What Is MS? A Guide to Understanding MS
For those of us with multiple sclerosis (MS), we quickly become experts in all aspects of the disease. Once the numbness and confusion of diagnosis pass, you’ll find us on google or other trusted MS websites, looking up symptoms, treatments, and research progress and trying to make sense of our new reality.
It can be easy to forget that those around us don’t necessarily have an encyclopedic knowledge of MS and often can’t tell it apart from other conditions.
I remember being at a party shortly after my diagnosis and someone I barely knew came up to me with a sympathetic smile on his face and said, “my dad’s got MND (ALS) so I know what you’re going through.”
I was also confused the other day when my colleague started talking about Michael J. Fox and how brave he is. I played along for a while but eventually had to point out that he, in fact, has Parkinson’s disease.
Most MSers have also experienced a well-meaning friend telling them all about their brother, auntie, cousin or postman’s wife who has MS and can’t even feed themselves or get to the bathroom without help.
All this is well-meaning but highlights the fact that most people have no idea what MS is, how it’s different for everyone and how the prognosis doesn’t have to be disastrous.
In this article, I’d like to pretend I’m talking to one of these people and telling them all about it. I’ll imagine they’ve asked what MS actually is and I’ll sit them down and start talking.
What Is Multiple Sclerosis?
MS is an auto-immune disease where the body is attacking itself. It’s a neurological condition, so it affects your nerves. It makes your immune system faulty, so instead of protecting you by fighting off infection, it attacks your nerves instead.
It’s a condition that affects your brain and spinal cord. There’s a coating around your nerves called myelin, and in MS this coating is damaged which causes a variety of symptoms, depending on where the damage is.
I like to imagine a flex on an electrical appliance. The plastic coating is the myelin, and the wires underneath are protected by this plastic. If it’s damaged, the appliance won’t work properly.
It’s always amazing to me that something so small causes such havoc! That’s all that’s wrong with me! Some bits of myelin are damaged, causing the signals to my brain to be disrupted, and this causes all hell to break loose! Ten years ago, I’d never even heard of myelin, yet it was conspiring beneath my skin to ruin my life.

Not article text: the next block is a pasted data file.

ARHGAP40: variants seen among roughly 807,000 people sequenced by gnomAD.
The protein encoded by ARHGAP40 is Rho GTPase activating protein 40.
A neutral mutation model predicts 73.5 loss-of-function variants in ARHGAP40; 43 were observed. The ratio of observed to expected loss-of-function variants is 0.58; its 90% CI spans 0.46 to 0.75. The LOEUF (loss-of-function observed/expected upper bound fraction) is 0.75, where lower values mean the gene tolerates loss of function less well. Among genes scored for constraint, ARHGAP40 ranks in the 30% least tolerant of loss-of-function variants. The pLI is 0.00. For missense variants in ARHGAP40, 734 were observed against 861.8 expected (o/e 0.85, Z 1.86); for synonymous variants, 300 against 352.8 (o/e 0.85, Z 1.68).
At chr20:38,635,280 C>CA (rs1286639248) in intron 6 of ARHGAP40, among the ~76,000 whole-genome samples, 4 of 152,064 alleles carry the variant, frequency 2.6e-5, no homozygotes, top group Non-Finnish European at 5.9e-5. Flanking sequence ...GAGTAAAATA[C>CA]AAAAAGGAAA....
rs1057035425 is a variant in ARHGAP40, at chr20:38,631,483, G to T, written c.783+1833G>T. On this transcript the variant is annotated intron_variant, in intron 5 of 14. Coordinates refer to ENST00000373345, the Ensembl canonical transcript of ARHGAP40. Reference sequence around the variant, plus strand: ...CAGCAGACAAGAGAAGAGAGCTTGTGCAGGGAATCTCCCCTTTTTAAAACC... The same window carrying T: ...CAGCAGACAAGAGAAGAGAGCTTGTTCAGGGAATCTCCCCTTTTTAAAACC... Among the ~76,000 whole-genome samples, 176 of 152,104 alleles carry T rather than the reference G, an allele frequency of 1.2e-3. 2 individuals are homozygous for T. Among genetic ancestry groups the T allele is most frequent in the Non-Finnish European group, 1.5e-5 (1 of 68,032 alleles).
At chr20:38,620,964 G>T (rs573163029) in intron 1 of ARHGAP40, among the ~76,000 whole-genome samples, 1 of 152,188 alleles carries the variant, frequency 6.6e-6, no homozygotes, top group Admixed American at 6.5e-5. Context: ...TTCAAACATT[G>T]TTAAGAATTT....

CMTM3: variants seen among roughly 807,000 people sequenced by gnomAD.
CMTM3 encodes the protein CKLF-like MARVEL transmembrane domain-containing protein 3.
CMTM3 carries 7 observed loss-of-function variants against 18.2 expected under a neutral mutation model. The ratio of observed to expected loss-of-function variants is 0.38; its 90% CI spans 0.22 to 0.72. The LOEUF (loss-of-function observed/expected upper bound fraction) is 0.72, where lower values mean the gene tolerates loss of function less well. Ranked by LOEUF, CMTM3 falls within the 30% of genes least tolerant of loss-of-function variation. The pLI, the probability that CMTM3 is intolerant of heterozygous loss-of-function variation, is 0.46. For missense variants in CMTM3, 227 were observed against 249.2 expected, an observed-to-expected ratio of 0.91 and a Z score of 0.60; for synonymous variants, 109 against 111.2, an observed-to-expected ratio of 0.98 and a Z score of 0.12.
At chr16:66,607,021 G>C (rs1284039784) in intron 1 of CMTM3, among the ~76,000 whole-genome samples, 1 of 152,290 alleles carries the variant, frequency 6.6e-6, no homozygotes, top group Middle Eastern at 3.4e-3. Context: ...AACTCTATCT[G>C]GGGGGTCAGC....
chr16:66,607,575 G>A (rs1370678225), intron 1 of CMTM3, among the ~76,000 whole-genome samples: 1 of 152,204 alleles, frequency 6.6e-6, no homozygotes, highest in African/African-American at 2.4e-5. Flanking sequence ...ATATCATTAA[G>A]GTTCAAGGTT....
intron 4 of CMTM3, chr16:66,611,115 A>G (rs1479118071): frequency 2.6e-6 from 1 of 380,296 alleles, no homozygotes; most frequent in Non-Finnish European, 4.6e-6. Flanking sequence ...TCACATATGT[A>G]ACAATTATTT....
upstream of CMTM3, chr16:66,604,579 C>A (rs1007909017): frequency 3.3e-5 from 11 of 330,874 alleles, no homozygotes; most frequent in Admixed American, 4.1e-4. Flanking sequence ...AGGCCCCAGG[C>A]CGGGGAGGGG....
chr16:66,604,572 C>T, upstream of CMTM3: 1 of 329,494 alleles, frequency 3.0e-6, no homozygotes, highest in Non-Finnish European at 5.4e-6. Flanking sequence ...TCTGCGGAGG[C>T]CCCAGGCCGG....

Are There Different Types of MS?
Yes, there are four different types of MS:
- Relapsing and remitting MS (RRMS) – This is the most common form of MS, and about 85 percent of people are initially diagnosed with this. People with RRMS have flare-ups of symptoms called relapses which can last a few weeks but can then get better completely. Over time and if you have a particularly nasty relapse, then residual damage can occur which causes disability.
- Secondary progressive MS (SPMS) – In SPMS symptoms worsen over time or without the regular relapses and remissions. Most people with RRMS will develop SPMS over time. I am in the process of being diagnosed with this as I don’t have obvious relapses and scan show no new disease activity.
- Primary progressive MS (PPMS) – Only around 10 percent of people with MS have this form of the disease. It’s characterized by a steady worsening of symptoms from the beginning with no relapses or periods of remission.
- Progressive relapsing MS (PRMS) – This is rare as only 5 percent of people with MS have this. It’s characterized by steadily worsening symptoms from the beginning with acute relapses with no remission and recovery,
There’s also such a thing as Clinically Isolated Syndrome where you have one major relapse, completely recover and never have any other symptoms. I think I’ll choose that type of MS, please!
What Causes MS?
This is a good question, and scientists and medical experts have been arguing about what causes MS for years. From genetics to environmental to lifestyle, here are some potential causes of MS.
No single gene causes MS, and over 100 different genes might affect your chances of getting it. It’s not directly inherited from parent to child, and there’s little chance of you being more likely to get it just because a family member has it.
MS can occur more than once in a family, but it’s more likely this won’t happen. According to statistics, there’s only around a 1.5 percent chance of a child developing MS when their mother has it and 2.7 percent chance if your sibling has it.
This is a relief for parents like me as the guilt of having MS is enough without worrying about passing it on to children.
Next page: What causes MS? How is MS diagnosed? Who is at risk for MS? And what are the symptoms of MS?